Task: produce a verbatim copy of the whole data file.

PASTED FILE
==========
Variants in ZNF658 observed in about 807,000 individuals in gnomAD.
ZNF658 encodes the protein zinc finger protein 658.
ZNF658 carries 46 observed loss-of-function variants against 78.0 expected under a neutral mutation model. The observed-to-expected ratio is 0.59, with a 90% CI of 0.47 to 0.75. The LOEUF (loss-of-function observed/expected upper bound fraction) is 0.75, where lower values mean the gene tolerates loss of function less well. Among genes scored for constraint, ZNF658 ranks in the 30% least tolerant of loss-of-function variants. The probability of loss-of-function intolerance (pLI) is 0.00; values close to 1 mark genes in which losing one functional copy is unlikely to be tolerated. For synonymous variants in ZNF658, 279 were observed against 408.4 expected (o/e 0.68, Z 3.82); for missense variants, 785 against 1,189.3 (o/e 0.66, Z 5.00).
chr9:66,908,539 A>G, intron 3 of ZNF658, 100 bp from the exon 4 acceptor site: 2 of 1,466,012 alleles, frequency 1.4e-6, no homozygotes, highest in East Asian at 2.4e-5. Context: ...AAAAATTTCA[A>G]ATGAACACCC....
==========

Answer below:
Variants in ZNF658 observed in about 807,000 individuals in gnomAD.
ZNF658 encodes the protein zinc finger protein 658.
ZNF658 carries 46 observed loss-of-function variants against 78.0 expected under a neutral mutation model. The observed-to-expected ratio is 0.59, with a 90% CI of 0.47 to 0.75. The LOEUF (loss-of-function observed/expected upper bound fraction) is 0.75, where lower values mean the gene tolerates loss of function less well. Among genes scored for constraint, ZNF658 ranks in the 30% least tolerant of loss-of-function variants. The probability of loss-of-function intolerance (pLI) is 0.00; values close to 1 mark genes in which losing one functional copy is unlikely to be tolerated. For synonymous variants in ZNF658, 279 were observed against 408.4 expected (o/e 0.68, Z 3.82); for missense variants, 785 against 1,189.3 (o/e 0.66, Z 5.00).
chr9:66,908,539 A>G, intron 3 of ZNF658, 100 bp from the exon 4 acceptor site: 2 of 1,466,012 alleles, frequency 1.4e-6, no homozygotes, highest in East Asian at 2.4e-5. Context: ...AAAAATTTCA[A>G]ATGAACACCC....